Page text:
Share

Opinion: Columnists

Sunday Reflection: Ken Masugi: Labor Department is wrong place for Tom Perez

|

Absorbing President Obama's emotional rhetoric about school and workplace safety, we should be stunned to discover that his administration forbids employers from using criminal background checks on job applicants.

We are seeing the bureaucratic logic of ill-designed policies intended to prevent racial and other forms of discrimination but absolutely perverse in their results. To advance and develop such policies, Obama has found the ideal nominee for secretary of labor in Montgomery County, Maryland's own Tom Perez.

Just this year, the Office of Federal Contract Compliance Programs, or OFCCP, in the Department of Labor foisted these allegedly anti-discrimination policies on private employers with federal contracts.

Its shaky rationale was that imposing initial criminal background checks on job applicants burdens various minorities disproportionately and hence illegally. In the words of OFCCP Directive 306, such efforts to produce a criminal-free workforce "are likely to violate federal antidiscrimination law. Accordingly, contractors should carefully consider their legal obligations before adopting such policies."

But the criminal background check in fact prevents an employer from using invidious prejudices to make employment decisions. Example: In his 2008 campaign, Obama repeated the urban myth that more black men are in jail than in college, showing that people who should know better do rely on stereotypes. It makes better sense to use a standard based on actual behavior, such as having a criminal record.

However, under the government's rules, the employer could ask only a successful job applicant about a criminal past. The employer could withdraw his offer, only if the crime were shown to be detrimental to the job. Yet, even at this stage, the frustrated applicant, aided by the government, might be able to sue the prospective employer for discrimination.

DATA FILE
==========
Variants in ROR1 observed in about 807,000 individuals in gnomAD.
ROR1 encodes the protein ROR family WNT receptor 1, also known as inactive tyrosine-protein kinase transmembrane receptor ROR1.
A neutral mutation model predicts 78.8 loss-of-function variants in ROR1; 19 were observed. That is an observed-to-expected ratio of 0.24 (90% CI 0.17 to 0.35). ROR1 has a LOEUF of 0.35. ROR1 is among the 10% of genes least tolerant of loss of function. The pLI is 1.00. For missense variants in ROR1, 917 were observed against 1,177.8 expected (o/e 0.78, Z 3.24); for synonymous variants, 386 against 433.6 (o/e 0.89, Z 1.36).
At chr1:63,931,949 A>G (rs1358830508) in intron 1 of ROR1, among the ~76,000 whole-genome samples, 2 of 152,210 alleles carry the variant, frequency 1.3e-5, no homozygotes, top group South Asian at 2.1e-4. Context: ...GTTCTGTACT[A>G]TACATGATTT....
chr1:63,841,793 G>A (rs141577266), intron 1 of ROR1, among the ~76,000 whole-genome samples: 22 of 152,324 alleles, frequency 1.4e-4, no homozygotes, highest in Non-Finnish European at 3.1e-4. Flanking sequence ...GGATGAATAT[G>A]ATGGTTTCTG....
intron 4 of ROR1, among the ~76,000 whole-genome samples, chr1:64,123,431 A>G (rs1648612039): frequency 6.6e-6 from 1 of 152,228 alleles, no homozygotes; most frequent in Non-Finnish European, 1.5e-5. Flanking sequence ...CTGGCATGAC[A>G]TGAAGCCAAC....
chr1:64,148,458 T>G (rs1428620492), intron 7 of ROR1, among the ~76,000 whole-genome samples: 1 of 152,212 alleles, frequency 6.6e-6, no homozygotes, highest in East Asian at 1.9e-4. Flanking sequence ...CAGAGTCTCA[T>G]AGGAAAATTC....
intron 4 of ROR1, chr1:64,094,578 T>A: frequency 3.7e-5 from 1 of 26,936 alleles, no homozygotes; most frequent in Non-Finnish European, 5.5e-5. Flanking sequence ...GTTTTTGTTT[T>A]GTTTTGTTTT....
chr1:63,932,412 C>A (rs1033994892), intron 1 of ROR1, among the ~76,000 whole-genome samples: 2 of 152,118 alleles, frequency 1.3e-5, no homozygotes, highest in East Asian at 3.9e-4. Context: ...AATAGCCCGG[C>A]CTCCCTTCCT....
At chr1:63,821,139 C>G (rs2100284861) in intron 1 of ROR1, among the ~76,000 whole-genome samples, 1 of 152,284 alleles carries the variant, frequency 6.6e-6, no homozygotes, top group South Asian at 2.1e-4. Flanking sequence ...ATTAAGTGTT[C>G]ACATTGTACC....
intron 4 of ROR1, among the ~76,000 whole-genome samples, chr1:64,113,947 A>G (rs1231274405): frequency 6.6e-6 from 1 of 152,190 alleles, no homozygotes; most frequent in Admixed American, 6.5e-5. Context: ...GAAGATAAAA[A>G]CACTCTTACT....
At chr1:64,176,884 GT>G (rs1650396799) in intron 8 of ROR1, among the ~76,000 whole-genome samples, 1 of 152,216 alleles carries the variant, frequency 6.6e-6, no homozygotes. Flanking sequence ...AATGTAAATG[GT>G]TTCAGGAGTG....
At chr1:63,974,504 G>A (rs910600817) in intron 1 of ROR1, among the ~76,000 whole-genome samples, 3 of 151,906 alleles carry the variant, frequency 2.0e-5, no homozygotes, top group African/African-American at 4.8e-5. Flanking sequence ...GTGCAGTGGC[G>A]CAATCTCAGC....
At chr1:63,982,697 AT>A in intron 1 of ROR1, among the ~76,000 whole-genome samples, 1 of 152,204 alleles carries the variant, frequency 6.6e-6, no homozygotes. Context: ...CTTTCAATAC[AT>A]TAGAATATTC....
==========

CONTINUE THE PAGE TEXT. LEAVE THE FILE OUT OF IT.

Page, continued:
There is a way to protest this bureaucratic madness. As secretary of labor, Perez would extend this numbers-driven "disparate impact" test of whether a law is discriminatory. His continued advocacy of these policies as assistant attorney general for civil rights at the Department of Justice reflects his Maryland record. His nomination must be stopped.

Perez would have free rein to impose employment rules on virtually all employers who have federal contracts. The OFCCP covers mega-corporations such as Boeing, as well as a small producer of Mexican food.

Such federal contractors number more than 140,000 and receive $533 billion in federal contracts and are in every state and congressional district. To protect themselves from charges of illegal discrimination, employers resort to hiring by quotas, thinking this affords cheap protection.

Sadly, such fanaticism detracts from aggressive enforcement of existing civil rights laws. Illegal discrimination can be discovered, documented and disciplined without imposing such irrational tests.

The OFCCP bureaucrats' version of discrimination assumes that there are "ethnic and racial disparities in the criminal justice system." Blacks and Hispanics are a disproportionate number of those incarcerated, because they are arrested and convicted of crimes disproportionately.

In the state of Maryland, for example, majority-black Prince George's County and Baltimore City account for these numbers. Contrary to the bureaucrats' assertions, the disparate numbers do not result from illegal treatment or discrimination.

The bureaucratic high-handedness stems from the way the OFCCP was created, not by legislation but by presidential Executive Order 11246, issued by Lyndon Johnson. President Obama could modify this order by a pen stroke, making it even more overbearing, and all the better for Perez to administer.

The Perez nomination offers Congress, specifically the Senate, an opportunity to act. Every senator who rejects the disparate impact test and the OFCCP's subsequent prohibition on criminal background checks must filibuster this nomination.

There are other Labor Department responsibilities, as well, such as unions, OSHA, immigrant workers and Obamacare. But the Obama employment directive on criminal background checks suffices to justify stopping this nomination.

Ken Masugi, a political scientist and author, spent 10 years in federal government civil rights enforcement.

View article comments Leave a comment